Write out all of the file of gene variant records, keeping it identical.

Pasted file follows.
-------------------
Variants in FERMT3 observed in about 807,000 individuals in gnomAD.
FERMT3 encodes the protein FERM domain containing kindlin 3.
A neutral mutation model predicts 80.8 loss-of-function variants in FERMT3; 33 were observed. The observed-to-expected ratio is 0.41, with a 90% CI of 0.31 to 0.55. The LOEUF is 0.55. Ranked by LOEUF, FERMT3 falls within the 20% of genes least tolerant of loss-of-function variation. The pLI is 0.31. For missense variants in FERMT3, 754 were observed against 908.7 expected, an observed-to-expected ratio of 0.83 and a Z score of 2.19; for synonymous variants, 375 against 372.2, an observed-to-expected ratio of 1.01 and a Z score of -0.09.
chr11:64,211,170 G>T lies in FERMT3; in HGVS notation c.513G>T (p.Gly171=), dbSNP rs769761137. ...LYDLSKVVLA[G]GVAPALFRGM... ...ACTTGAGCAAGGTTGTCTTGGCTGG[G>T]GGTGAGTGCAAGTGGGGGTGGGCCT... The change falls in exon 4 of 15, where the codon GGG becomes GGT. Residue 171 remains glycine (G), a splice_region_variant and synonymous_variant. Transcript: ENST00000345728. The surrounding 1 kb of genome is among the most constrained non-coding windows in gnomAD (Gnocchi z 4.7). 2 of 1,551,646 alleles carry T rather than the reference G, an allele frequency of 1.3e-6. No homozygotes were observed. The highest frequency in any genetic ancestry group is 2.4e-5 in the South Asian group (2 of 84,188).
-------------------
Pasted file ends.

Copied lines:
Variants in FERMT3 observed in about 807,000 individuals in gnomAD.
FERMT3 encodes the protein FERM domain containing kindlin 3.
A neutral mutation model predicts 80.8 loss-of-function variants in FERMT3; 33 were observed. The observed-to-expected ratio is 0.41, with a 90% CI of 0.31 to 0.55. The LOEUF is 0.55. Ranked by LOEUF, FERMT3 falls within the 20% of genes least tolerant of loss-of-function variation. The pLI is 0.31. For missense variants in FERMT3, 754 were observed against 908.7 expected, an observed-to-expected ratio of 0.83 and a Z score of 2.19; for synonymous variants, 375 against 372.2, an observed-to-expected ratio of 1.01 and a Z score of -0.09.
chr11:64,211,170 G>T lies in FERMT3; in HGVS notation c.513G>T (p.Gly171=), dbSNP rs769761137. ...LYDLSKVVLA[G]GVAPALFRGM... ...ACTTGAGCAAGGTTGTCTTGGCTGG[G>T]GGTGAGTGCAAGTGGGGGTGGGCCT... The change falls in exon 4 of 15, where the codon GGG becomes GGT. Residue 171 remains glycine (G), a splice_region_variant and synonymous_variant. Transcript: ENST00000345728. The surrounding 1 kb of genome is among the most constrained non-coding windows in gnomAD (Gnocchi z 4.7). 2 of 1,551,646 alleles carry T rather than the reference G, an allele frequency of 1.3e-6. No homozygotes were observed. The highest frequency in any genetic ancestry group is 2.4e-5 in the South Asian group (2 of 84,188).